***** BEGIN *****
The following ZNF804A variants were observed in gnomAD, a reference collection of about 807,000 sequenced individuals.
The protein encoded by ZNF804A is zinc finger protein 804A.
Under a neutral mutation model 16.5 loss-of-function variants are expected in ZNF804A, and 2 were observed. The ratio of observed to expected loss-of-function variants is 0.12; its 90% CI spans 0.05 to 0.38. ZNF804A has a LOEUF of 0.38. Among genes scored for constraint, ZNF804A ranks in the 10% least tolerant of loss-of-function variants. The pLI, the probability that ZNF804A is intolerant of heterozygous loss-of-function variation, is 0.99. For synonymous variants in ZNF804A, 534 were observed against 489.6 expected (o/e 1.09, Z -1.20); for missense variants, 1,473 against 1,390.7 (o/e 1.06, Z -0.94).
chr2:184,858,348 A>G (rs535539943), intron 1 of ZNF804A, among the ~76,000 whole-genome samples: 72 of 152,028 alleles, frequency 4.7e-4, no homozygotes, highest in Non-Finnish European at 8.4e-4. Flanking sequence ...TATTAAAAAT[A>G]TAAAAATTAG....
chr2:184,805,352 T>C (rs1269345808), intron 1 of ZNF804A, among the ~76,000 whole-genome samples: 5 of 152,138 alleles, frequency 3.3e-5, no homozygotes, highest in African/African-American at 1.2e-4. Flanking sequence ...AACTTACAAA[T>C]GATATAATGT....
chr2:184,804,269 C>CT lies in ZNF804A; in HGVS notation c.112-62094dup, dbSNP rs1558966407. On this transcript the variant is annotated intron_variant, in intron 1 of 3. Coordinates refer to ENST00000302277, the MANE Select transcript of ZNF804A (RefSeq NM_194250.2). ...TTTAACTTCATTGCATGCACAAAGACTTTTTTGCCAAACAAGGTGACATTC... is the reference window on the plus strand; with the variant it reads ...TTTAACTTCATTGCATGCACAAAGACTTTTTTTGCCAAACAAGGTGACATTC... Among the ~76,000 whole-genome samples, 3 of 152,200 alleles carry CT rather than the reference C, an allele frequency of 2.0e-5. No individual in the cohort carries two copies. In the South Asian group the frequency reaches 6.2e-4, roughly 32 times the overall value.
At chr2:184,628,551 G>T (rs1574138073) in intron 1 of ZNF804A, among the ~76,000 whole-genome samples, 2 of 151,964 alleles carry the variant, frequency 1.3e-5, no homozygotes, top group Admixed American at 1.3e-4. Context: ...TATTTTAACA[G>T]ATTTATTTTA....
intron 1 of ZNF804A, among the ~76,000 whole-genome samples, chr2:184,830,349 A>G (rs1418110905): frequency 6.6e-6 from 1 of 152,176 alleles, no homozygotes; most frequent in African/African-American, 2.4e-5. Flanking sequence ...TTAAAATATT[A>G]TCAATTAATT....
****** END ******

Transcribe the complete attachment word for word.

The following ZNF804A variants were observed in gnomAD, a reference collection of about 807,000 sequenced individuals.
The protein encoded by ZNF804A is zinc finger protein 804A.
Under a neutral mutation model 16.5 loss-of-function variants are expected in ZNF804A, and 2 were observed. The ratio of observed to expected loss-of-function variants is 0.12; its 90% CI spans 0.05 to 0.38. ZNF804A has a LOEUF of 0.38. Among genes scored for constraint, ZNF804A ranks in the 10% least tolerant of loss-of-function variants. The pLI, the probability that ZNF804A is intolerant of heterozygous loss-of-function variation, is 0.99. For synonymous variants in ZNF804A, 534 were observed against 489.6 expected (o/e 1.09, Z -1.20); for missense variants, 1,473 against 1,390.7 (o/e 1.06, Z -0.94).
chr2:184,858,348 A>G (rs535539943), intron 1 of ZNF804A, among the ~76,000 whole-genome samples: 72 of 152,028 alleles, frequency 4.7e-4, no homozygotes, highest in Non-Finnish European at 8.4e-4. Flanking sequence ...TATTAAAAAT[A>G]TAAAAATTAG....
chr2:184,805,352 T>C (rs1269345808), intron 1 of ZNF804A, among the ~76,000 whole-genome samples: 5 of 152,138 alleles, frequency 3.3e-5, no homozygotes, highest in African/African-American at 1.2e-4. Flanking sequence ...AACTTACAAA[T>C]GATATAATGT....
chr2:184,804,269 C>CT lies in ZNF804A; in HGVS notation c.112-62094dup, dbSNP rs1558966407. On this transcript the variant is annotated intron_variant, in intron 1 of 3. Coordinates refer to ENST00000302277, the MANE Select transcript of ZNF804A (RefSeq NM_194250.2). ...TTTAACTTCATTGCATGCACAAAGACTTTTTTGCCAAACAAGGTGACATTC... is the reference window on the plus strand; with the variant it reads ...TTTAACTTCATTGCATGCACAAAGACTTTTTTTGCCAAACAAGGTGACATTC... Among the ~76,000 whole-genome samples, 3 of 152,200 alleles carry CT rather than the reference C, an allele frequency of 2.0e-5. No individual in the cohort carries two copies. In the South Asian group the frequency reaches 6.2e-4, roughly 32 times the overall value.
At chr2:184,628,551 G>T (rs1574138073) in intron 1 of ZNF804A, among the ~76,000 whole-genome samples, 2 of 151,964 alleles carry the variant, frequency 1.3e-5, no homozygotes, top group Admixed American at 1.3e-4. Context: ...TATTTTAACA[G>T]ATTTATTTTA....
intron 1 of ZNF804A, among the ~76,000 whole-genome samples, chr2:184,830,349 A>G (rs1418110905): frequency 6.6e-6 from 1 of 152,176 alleles, no homozygotes; most frequent in African/African-American, 2.4e-5. Flanking sequence ...TTAAAATATT[A>G]TCAATTAATT....